To secure US interests, Washington has aligned itself with one of the most reactionary regimes in the region. Widely hated by the Yemeni people, President Saleh’s government is waging a war in the north of the country against dissident Shia tribes in which thousands of civilians have been killed and over 130,000 driven from their homes. Saudi Arabia, which has backed this military campaign with air strikes and funding, has joined with Saleh in making unsubstantiated claims that Iran is somehow behind the Shiite revolt.

In the country’s south, the government is waging a similarly repressive campaign against a secessionist movement. Until 1990, Yemen was divided into two countries, with the south enjoying the backing of Moscow. With the Stalinist bureaucracy’s move to dissolve the USSR, this support ended, leading to unification. The Saleh government’s ruthless repression of protests against the dismissal of southern government officials and military personnel and other forms of regional discrimination provoked an armed insurgency.

It is largely to secure US backing for these repressive campaigns that Saleh has collaborated with the US “war on terrorism,” directed against Islamist elements with whom the president was formerly allied. The Yemeni government has invoked terrorism as a justification for suppressing all opposition, with the imprisonment, torture and disappearance of political dissidents, journalists, lawyers and human rights advocates.

When oil refinery workers struck last month in protest over wages and working conditions, nearly 50 of them were rounded up by troops and thrown into al-Qatta’a prison.

Simmering unrest is fueled by the country’s desperate poverty. Nearly half the population lives on $2 or less a day, while a quarter suffers from chronic hunger.

Also provoking opposition and generating support for Al Qaeda in the Arabian Peninsula is the US intervention in the country. Hundreds of US special operations troops and intelligence operatives are deployed in Yemen, carrying out assassination missions and training Yemeni security forces.

US missile attacks, which are apparently now to be escalated, have sparked public outrage. In the worst of these, 41 civilians, 14 of them women and 21 of them children, were slaughtered last December 17. A US Navy Tomahawk missile carrying cluster bombs ripped through the victims’ homes in the southern district of Abyan.

A subsequent drone missile attack reportedly aimed at an alleged Al Qaeda member in Marib province last May instead killed the province’s deputy governor, Sheikh Jaber al-Shabwani, and members of his family, prompting members of his tribe to attack an oil pipeline operated by the government.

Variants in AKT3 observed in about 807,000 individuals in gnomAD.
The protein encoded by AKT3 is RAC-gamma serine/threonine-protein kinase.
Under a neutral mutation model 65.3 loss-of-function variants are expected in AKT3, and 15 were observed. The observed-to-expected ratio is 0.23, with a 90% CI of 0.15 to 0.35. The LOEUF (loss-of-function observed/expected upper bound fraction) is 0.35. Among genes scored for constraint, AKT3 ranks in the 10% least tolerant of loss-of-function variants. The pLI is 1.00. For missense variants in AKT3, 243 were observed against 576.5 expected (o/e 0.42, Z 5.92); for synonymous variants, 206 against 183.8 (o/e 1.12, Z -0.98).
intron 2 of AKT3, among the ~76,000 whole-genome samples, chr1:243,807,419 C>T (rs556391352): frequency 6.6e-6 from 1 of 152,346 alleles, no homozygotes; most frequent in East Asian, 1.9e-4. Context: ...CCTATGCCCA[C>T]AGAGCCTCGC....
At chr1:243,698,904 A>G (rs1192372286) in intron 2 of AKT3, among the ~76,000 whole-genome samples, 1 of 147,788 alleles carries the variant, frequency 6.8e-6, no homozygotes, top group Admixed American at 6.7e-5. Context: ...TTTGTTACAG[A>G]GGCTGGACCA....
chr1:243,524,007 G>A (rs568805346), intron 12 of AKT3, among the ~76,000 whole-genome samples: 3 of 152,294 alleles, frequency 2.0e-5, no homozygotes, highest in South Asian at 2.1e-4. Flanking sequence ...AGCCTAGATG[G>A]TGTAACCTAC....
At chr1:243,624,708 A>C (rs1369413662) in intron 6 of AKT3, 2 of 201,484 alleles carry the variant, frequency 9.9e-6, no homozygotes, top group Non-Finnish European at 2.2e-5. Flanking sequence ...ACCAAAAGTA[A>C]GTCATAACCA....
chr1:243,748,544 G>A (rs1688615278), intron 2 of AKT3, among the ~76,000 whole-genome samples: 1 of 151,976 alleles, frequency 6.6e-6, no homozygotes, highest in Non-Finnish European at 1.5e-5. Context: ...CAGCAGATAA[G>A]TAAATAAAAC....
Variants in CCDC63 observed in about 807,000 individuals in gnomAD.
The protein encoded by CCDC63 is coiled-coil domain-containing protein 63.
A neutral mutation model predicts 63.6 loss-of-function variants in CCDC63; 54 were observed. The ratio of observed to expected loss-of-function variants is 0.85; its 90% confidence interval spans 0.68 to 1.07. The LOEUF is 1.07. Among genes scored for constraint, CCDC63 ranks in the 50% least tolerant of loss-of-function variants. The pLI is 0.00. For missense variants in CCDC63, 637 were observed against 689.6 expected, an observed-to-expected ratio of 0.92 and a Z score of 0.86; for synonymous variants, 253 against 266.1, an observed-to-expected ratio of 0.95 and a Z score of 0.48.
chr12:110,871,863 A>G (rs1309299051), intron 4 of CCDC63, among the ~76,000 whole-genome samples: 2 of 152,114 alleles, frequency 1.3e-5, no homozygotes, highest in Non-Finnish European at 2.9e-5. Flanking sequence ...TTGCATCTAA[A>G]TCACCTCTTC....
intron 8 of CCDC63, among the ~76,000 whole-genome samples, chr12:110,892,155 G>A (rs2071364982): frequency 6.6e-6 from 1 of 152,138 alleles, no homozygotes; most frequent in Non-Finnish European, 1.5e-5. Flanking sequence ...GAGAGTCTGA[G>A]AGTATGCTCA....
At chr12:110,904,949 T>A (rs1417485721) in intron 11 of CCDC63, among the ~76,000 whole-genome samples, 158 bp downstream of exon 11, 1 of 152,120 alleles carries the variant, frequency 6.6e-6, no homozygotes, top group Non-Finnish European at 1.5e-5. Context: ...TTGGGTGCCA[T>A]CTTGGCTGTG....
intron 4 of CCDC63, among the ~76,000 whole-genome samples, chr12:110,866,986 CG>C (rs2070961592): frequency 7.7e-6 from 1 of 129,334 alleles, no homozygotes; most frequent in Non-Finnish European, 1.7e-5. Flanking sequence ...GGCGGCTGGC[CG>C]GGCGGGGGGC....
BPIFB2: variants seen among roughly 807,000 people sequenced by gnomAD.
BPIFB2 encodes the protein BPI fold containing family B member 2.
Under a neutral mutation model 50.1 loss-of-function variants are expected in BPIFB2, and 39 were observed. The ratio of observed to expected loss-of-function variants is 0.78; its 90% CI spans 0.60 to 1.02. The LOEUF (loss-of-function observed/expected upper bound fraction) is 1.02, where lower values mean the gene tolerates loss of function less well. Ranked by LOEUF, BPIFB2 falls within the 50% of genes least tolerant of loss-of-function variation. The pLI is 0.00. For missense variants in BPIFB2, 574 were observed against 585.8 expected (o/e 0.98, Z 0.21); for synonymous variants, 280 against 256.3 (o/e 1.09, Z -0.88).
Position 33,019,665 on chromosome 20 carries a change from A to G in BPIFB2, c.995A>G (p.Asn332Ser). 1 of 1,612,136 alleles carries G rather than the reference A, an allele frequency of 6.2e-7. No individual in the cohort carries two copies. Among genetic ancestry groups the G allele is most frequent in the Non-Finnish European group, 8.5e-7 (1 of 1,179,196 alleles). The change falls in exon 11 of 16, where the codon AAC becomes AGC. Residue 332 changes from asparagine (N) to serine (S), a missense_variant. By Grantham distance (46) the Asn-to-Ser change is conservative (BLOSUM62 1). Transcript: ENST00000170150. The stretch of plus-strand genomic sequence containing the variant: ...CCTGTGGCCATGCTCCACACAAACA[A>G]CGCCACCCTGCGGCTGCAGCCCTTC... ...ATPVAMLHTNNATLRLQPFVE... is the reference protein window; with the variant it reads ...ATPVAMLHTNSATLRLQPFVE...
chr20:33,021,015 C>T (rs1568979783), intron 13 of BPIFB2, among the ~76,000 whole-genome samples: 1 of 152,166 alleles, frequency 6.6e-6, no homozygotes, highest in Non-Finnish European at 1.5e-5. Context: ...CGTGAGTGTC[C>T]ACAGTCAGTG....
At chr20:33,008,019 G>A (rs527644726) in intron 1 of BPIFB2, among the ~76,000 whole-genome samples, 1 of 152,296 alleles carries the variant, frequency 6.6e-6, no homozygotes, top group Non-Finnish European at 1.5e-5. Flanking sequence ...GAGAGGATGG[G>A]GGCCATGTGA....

In a statement given to the Yemen Observer last Thursday, Sheikh Ibrahim al-Shabwani, brother of the deputy governor killed in the US drone attack, reported that US drones are now flying daily over Marib province.

“The drones are flying over Marib every 24 hours and there is not a day that passes that we don’t see them over Wadi Abida,” said al-Shabwani. “Occasionally they fly at a lower altitude while at other times they fly at a higher altitude. The atmosphere has become wary because of the presence of US drones and fear that they could strike at any time.”

The New York Times on Monday quoted unnamed US officials as saying that the Al Qaeda group in Yemen “might pose the most immediate threat to American soil.” Such claims are the likely precursor to a major US military attack.

For its part, the Wall Street Journal editorial page invoked the Yemeni terror allegations as justification for the Obama administration’s declared intention to carry out the “targeted killing” of a US citizen, Anwar al Awlaki.

Without presenting any evidence, the administration has accused the New Mexico-born Muslim cleric of involvement in terrorist plots and ordered him killed. It marks the first time in history that the US government has publicly called for the assassination of one of its own citizens.

The Journal editorial denounced a lawsuit brought by the man’s family and the American Civil Liberties Union, which challenges the right of Obama to act as judge, jury and executioner, without presenting any charges, much less allowing a defense, for the man he has ordered killed. The Obama administration has insisted that the authorization to use military force passed by Congress in the wake of the 2001 terrorist attacks gives it the right to summarily kill anyone it deems a terrorist, including US citizens.

The attempt “to thwart these attacks in a lawsuit could get Americans killed,” the Journal warns, ignoring the obvious fact that failing to thwart them will certainly result in the death of at least one American and potentially many more who fall afoul of Washington.

The editorial further argues that the latest terror scare “underscores how crucial it is that US intelligence be able to eavesdrop on email and phone conversations” without having to obtain a warrant.